Change in Medicaid drug pricing could save taxpayers $43M, lawmakers say

By David Reich-Hale

New York legislators have passed new regulations that eliminate so-called “spread pricing” on prescription drugs within the Medicaid managed care system, a move they say will save taxpayers about $43 million a year.

The law, part of the $175.5 billion state budget passed Monday, targets pharmacy benefit managers (PBMs), which are third-party administrators of prescription drug programs.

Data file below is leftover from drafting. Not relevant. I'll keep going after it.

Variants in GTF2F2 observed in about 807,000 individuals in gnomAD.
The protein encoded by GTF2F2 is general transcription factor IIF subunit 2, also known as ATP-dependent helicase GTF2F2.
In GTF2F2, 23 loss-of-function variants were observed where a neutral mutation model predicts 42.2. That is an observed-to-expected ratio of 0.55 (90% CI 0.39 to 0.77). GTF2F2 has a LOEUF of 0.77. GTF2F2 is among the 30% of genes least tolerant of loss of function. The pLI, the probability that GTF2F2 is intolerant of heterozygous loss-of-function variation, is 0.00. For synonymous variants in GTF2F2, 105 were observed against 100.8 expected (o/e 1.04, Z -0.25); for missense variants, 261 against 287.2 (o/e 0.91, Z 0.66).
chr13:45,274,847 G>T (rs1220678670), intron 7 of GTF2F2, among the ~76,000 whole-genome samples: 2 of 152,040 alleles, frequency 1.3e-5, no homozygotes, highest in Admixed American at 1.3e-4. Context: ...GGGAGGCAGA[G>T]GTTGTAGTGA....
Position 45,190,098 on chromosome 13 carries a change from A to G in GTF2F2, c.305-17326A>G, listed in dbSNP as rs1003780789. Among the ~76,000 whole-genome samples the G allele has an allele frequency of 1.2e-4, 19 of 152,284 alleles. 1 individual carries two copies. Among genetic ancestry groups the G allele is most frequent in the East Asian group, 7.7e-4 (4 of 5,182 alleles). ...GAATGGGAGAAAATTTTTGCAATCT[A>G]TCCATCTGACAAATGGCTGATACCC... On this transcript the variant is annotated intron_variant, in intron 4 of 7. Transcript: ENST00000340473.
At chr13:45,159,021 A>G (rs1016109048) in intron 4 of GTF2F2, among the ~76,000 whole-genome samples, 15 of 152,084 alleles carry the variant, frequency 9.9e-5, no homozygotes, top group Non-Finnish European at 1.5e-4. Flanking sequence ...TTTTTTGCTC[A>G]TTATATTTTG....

PBMs, such as CVS Caremark and Express Scripts, act as the middle man between health insurers and pharmacies. When a patient fills a prescription, he or she pays a co-pay. The PBM collects the balance of the payment from the insurer, passes a portion of that on to the pharmacy that dispensed the drug, and pockets the rest. The difference between what the PBM collected and what it passed on is the spread. PBMs — which set both amounts — do not have to disclose to insurers how much they pass on to pharmacies, or disclose to pharmacies how much they collect from insurers…

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